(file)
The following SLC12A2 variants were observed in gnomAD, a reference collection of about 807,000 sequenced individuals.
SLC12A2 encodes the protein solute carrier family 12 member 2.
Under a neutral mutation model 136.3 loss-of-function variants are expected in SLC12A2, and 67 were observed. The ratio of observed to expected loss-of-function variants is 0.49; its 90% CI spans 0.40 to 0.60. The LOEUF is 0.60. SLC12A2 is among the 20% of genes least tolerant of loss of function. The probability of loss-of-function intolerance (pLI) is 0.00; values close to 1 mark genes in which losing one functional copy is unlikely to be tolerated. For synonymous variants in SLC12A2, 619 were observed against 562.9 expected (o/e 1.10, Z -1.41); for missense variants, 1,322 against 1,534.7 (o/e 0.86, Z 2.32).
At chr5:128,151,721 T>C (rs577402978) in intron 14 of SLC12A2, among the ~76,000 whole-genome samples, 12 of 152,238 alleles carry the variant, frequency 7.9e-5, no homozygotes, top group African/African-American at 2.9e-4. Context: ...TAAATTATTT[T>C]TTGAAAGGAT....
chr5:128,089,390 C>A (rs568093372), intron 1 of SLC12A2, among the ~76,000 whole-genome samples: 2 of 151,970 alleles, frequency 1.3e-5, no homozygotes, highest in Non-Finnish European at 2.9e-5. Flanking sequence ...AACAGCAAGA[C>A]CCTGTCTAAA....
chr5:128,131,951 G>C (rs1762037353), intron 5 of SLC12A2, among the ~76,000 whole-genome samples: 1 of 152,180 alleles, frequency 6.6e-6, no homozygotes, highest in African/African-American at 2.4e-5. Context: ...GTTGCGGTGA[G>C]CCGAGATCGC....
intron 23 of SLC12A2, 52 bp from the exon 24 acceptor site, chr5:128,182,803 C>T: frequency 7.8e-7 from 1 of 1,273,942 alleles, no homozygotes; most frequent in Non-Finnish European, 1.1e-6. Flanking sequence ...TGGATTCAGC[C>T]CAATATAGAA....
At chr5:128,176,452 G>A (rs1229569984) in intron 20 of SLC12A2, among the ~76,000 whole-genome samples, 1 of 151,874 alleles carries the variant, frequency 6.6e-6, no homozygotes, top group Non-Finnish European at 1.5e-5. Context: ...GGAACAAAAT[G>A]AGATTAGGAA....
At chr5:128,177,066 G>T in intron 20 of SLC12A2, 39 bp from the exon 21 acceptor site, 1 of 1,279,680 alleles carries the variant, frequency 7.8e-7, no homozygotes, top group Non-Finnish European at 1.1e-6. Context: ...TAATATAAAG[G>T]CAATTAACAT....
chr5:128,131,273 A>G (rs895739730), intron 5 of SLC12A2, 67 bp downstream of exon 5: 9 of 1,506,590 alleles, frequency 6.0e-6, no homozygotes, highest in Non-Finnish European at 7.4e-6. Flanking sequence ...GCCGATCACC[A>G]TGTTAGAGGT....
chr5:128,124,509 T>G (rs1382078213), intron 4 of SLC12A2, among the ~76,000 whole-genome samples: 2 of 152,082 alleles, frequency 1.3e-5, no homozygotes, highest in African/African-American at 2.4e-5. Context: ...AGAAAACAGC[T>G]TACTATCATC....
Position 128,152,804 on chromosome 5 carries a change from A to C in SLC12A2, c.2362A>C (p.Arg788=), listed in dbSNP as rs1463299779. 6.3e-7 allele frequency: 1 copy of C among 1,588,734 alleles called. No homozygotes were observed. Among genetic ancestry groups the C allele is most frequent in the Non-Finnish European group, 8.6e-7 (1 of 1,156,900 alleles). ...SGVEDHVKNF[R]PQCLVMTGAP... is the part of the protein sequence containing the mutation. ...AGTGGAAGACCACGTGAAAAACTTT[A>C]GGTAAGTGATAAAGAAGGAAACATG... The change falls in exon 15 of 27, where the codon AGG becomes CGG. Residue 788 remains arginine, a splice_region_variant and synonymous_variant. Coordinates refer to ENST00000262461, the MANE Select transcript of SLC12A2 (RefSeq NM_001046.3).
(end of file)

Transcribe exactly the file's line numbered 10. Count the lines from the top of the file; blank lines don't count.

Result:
chr5:128,131,273 A>G (rs895739730), intron 5 of SLC12A2, 67 bp downstream of exon 5: 9 of 1,506,590 alleles, frequency 6.0e-6, no homozygotes, highest in Non-Finnish European at 7.4e-6. Flanking sequence ...GCCGATCACC[A>G]TGTTAGAGGT....